LONDON (Reuters) – World shares were heading for their biggest weekly losses since August on Friday and oil and metals markets were showing even more brutal damage, as investors worried over the fallout from China’s coronavirus epidemic.
FILE PHOTO: The London Stock Exchange Group offices are seen in the City of London, Britain, December 29, 2017. REUTERS/Toby Melville
A modestly positive start from Europe quickly soured as headlines of more cases and deaths, travel bans and factory shutdowns due to the virus were compounded further by disappointedly weak economic data.
The big blow was that both France and Italy’s economies unexpectedly shrank at the end of last year, with Eurostat also confirming that the euro zone as a whole grew slower than analysts had forecast.
That pushed Paris and Milan down by 0.6% and 1.4% respectively. London and Frankfurt dropped 0.8% and 0.4% and with Wall Street pointing to similar falls later too [.N] the weekly global wipeout was already around $1 trillion.
“The coronavirus is outweighing everything else,” said Francesca Fornasari, head of currency solutions at Insight Investments.
“We have seen quite a position unwind and … whatever is coming out in terms of data is for the period when the virus hadn’t become quite such a big issue.”
The virus, which is centered on China, has spread to more than 20 other countries and regions. As of Friday China had reported 213 deaths and 9,800 cases, with number of people infected surpassing the total during the 2002-2003 SARS epidemic.
Britain reported its first two cases of the illness on Friday. The United States and other countries tightened their travel curbs and businesses said they were facing supply problems from China.
Asia-Pacific shares outside Japan extended their fall, dropping 0.4%, and appeared set for their worst weekly loss in a year, of 4.6%. Thursday’s 2.3% dive was the sharpest one-day loss in six months.
Japan’s Nikkei bounced 1%, but was off 2.6% for the week. Hong Kong’s Hang Seng drifted 0.3% lower and has shed 9% in two weeks. Korea’s Kospi had its worst week in 15 months, losing 5.6%.
Graphic: Coronavirus wipes more than $1 trillion off world stocks – here
WALL STREET SET TO SLIP
Wall Street’s S&P 500 futures were down 0.5% ahead of the New York restart having been briefly higher overnight.
That was given a boost when Amazon’s sales blew past forecasts and sent its stock soaring 11% after hours, adding over $100 billion in market value.
Surveys showing Chinese manufacturing activity then came in much as expected in January while services actually firmed, though this was likely before the virus took full hold.
Indeed, reports that some Chinese provinces were asking companies not to re-start until Feb. 10 – extending the Lunar New Year holiday – suggested activity would take a hard knock this month.
More airlines curtailed flights into and out of China and companies temporarily closed operations, while the United States advised citizens not to travel to China.
JPMorgan shaved its forecast for global growth by 0.3% points for this quarter.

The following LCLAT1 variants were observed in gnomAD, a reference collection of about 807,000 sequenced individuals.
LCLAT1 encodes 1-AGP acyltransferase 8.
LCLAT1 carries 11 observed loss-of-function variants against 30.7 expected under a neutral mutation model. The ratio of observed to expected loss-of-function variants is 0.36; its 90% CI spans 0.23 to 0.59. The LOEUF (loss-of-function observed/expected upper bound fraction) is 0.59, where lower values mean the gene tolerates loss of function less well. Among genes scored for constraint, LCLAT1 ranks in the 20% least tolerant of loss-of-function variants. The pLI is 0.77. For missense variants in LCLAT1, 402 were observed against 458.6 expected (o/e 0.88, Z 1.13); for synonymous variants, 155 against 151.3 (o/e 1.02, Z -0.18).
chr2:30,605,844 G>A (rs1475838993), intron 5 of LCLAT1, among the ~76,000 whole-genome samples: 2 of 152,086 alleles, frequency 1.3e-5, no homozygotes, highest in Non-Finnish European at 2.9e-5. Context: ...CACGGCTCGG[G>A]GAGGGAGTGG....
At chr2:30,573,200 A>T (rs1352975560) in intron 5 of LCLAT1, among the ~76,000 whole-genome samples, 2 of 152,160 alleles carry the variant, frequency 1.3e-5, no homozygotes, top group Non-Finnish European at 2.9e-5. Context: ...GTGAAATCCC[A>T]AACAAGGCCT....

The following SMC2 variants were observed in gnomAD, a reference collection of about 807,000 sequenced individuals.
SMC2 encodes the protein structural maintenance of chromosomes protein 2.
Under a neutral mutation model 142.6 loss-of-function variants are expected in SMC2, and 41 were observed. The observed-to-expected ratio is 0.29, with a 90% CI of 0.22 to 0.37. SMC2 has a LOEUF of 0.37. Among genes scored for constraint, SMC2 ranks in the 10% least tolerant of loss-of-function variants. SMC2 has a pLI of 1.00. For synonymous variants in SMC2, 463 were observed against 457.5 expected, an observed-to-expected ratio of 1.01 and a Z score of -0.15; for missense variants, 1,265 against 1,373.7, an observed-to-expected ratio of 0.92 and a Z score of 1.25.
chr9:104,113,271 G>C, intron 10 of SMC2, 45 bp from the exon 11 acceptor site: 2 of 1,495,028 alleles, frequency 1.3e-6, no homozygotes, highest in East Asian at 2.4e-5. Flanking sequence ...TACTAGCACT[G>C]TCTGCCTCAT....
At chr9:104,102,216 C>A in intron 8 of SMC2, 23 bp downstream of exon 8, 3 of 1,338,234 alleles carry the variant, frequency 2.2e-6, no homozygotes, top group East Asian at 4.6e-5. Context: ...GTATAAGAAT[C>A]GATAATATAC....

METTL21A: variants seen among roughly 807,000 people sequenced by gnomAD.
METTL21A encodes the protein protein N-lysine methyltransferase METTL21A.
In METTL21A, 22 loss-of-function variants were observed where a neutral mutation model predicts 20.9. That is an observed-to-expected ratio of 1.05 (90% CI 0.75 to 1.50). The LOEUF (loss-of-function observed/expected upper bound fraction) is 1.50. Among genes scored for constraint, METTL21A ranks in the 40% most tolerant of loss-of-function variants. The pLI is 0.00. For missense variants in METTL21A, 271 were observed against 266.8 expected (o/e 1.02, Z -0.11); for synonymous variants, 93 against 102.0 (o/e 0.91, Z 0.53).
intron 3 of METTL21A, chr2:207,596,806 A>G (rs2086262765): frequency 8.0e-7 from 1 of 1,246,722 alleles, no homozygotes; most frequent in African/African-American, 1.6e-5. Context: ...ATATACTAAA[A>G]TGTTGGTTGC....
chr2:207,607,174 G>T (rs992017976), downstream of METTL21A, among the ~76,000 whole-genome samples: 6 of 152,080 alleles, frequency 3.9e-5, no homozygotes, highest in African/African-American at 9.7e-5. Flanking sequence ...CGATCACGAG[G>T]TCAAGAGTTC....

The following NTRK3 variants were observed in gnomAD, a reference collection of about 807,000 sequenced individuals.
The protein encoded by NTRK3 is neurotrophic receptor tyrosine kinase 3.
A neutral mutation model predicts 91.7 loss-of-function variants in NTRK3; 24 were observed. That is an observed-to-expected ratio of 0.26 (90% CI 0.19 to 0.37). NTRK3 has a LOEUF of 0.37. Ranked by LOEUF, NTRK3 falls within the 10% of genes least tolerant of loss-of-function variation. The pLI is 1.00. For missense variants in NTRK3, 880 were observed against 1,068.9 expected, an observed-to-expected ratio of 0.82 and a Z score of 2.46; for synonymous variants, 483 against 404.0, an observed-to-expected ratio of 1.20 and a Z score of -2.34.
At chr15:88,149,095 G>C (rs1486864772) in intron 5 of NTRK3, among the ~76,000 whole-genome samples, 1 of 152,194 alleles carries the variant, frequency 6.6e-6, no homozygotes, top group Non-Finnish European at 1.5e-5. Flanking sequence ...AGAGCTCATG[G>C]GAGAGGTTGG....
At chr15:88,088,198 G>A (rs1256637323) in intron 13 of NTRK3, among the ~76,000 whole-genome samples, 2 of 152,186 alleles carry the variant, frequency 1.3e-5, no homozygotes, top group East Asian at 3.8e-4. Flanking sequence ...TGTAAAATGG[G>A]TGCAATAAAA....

“Based on the patterns observed from other epidemics, we assume that the outbreak will likely run its course over 2-3 months, meaning the hit to activity happens in the current quarter,” JPMorgan analysts said in a note.
“Also in line with historical experience, we expect a full recovery to follow.”
Safe-haven bonds were well bid, with yields on U.S. 10-year Treasuries down 9 basis points for the week so far and near four-month lows.
The yield curve between three-month bills and 10-year notes has inverted twice this week, a bearish economic signal.
In currencies, sterling extended gains after jumping on Thursday when the Bank of England confounded market expectations by not getting anywhere near an interest rate cut.
The pound was last up 0.3% at $1.3119, a relatively perky performance given that Friday is the day the UK officially leaves the European Union after years of political turmoil.
The dollar was still flat after data the previous day showed the U.S. economy had grown at its slowest annual pace in three years and personal consumption weakened sharply.
It barely budged from 109 yen and $1.1040 to the euro on Friday. Yet for January it is up 1.5% when measured against a basket of top world currencies.
Most of the action this week has been nervous investors selling emerging currencies for dollars and yen, leaving the majors little changed against each other.
Spot gold was only just up for the week at $1,573.72 per ounce, having failed to get much of a safe-haven bid as a range of other commodities, from copper to soy beans, were hammered by worries over Chinese demand.
Oil bounced on short covering, after hitting its lowest in three months as the coronavirus spread threatened to curb demand for fuel.
U.S. crude regained 29 cents to $52.43 a barrel, while Brent crude futures rose 22 cents to $58.51.
Oil is down almost 10% on the month despite a spike at the start of the month caused by the U.S. killing of Iran’s top military commander.
Graphic: Markets tumble on coronavirus worries – here
Additional reporting by Sujata Rao in London; Editing by Kevin Liffey and Frances Kerry